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Blount Report: Affairs in Hawaii

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394	HAWAIIAN   ISLANDS.
satisfy us and convince us of the faith and earnestness of the promise given, of which 
we now have no assurance. What such guaranties and assurances ought to be I 
can not at this moment say or recommend. This should be referred to the committee 
of safety for their careful consideration. I second the motion.
Mr, YOUNG, in addressing the meeting, spoke as follows:
Mr, Chairman and fellow-citizens: In June, 1887, I stood on this same platform and 
addressed an audience almost as large as the one now before me. At that time we 
had met to consider a resolution that looked toward a new constitution, which pro- 
posed constitution was considered the most effectual method of removing some fla- 
grant abuses in governmental affairs, practiced by the King and his cabinets. The 
constitution was promulgated. Today we have met to consider the action of Her 
Majesty in attempting to set aside the constitution we all worked so hard to have 
promulgated, in the lost interests of the Sovereign and the people at large, as well 
as for the redemption of the credit of the Kingdom abroad. It has long been re- 
ported that at some favorable opportunity the Queen would spring a new constitu- 
tion upon the people and place matters even more in the hands of the Sovereign 
than they were before the revolution of 1887. Some did not believe the rumors, but 
the actions of the Queen in the last few days have convinced the most skeptical that 
the rumors were well founded and that she had been pregnant with this unborn 
constitution for a Ions time; but it could not be born till under the propitious star.
In trying to promulgate this long-promised constitution the Queen has therefore 
premeditately committed a breach of faith with one portion of her subjects in order 
to satisfy the clamors of a faction of natives urged by the influence of a mischievous 
element of foreigners who mean no good to the Queen or the people, but simply for 
the purpose of providing avenues for carrying out more perfectly the smuggling of 
opium and diverting the contents of the treasury into their own pockets. A by- 
authority circular has now been handed around setting forth that the Queen and 
her cabinet had decided not to press the promulgation of a new constitution; but can 
we depend on this promise of Her Majesty?  Is this promise any more binding upon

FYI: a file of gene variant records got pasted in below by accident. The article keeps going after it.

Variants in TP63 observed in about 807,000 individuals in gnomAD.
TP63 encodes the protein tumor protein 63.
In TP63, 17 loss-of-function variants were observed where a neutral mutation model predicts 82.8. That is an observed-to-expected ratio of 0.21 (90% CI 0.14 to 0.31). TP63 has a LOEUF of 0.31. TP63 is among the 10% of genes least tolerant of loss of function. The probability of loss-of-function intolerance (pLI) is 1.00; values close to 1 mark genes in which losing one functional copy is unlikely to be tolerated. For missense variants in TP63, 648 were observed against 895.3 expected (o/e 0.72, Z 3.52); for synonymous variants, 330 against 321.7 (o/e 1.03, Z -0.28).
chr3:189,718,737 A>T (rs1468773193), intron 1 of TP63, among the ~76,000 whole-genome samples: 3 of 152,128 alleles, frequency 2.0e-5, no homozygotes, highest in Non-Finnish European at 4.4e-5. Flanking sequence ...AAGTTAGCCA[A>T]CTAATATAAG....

her than the oath she took before Almighty God to support and maintain the present 
constitution?  Has not the Queen resorted to her questionable methods in an under- 
handed way to remove what, to the people, was one of the most acceptable cabinets 
ever commissioned by any sovereign in this Kingdom, in order that four other 
ministers might be appointed that would carry out her behest, treasonable or other- 
wise, as might be moat conveniently within their scope?
I say, have we any reasonable assurance that the Queen and her ministers have 
abandoned finally the new constitution promulgation scheme? [Roars of "No" from 
the audience.] My fellow citizens, while the Queen and her cabinet continue to 
trifle with and play fast and loose with the affairs of state there can be no feeling 
of security for foreign families residing within these domains. There can be no 
business prosperity here at home, and our credit abroad must be of the flimsiest and 
most uncertain nature. And you, business men, who are toiling honestly for your 
.bread and butter, will have to put up with thin bread and much thinner butter if 
this farcical work is continued. In order that matters may be set to rights again, 
and that honest, stable, and honorable government may be maintained in Hawaii, 
I support the resolution and trust that it will be passed unanimously by this meeting.
Mr. C. BOLTE. Since the resolution which was read here has been written things 
have changed. On Saturday the Queen promised the native people that she would 
give them a new constitution under all circumstances; she did not say exactly when 
but as soon as possible. This morning a proclamation was issued, in which she says 
that her attempt to promulgate a new constitution last Saturday was made under 
stress of her native subjects, but that she will not do it again. An attempt to change 
the fundamental law of the land is a very serious matter, a matter that requires a 
good deal of consideration, and I am well convinced that this matter has been 
weighed and considered for more than a day by the Queen, and that there was no 
acting on the spur of the moment under the stress of her native subjects about it. 
It was her well premeditated conclusion that she would change the constitution so 
as to suit herself on the day of prorogation of the Legislature. Many people knew 
this several days ago, but there have been so many rumors about all sorts of things 
that not very much attention was paid to it; it was expected that she might change 
her mind before that day would come. But she did not change her mind as soon as 
that; she told the native people that she was ready to give them a new constitution 
right then and there, but that she could not do it because her ministers would not 
let her. Now she has changed her mind; she makes a sort of excuse for what she 
did, and says she will never do it again.
It seems to me that the question that your committee has to ask now, and which 
is for you gentlemen here in the meeting to decide, is this: Are you satisfied with the 
assurance given in to-day's proclamation signed by the Queen and the four ministers, 
and will you consider this matter ended, or do you desire greater and stronger guar- 
antees for the safety and preservation of your life and liberty and property? I am 
one of the citizens' committee of public safety; my views on the situation are ex-

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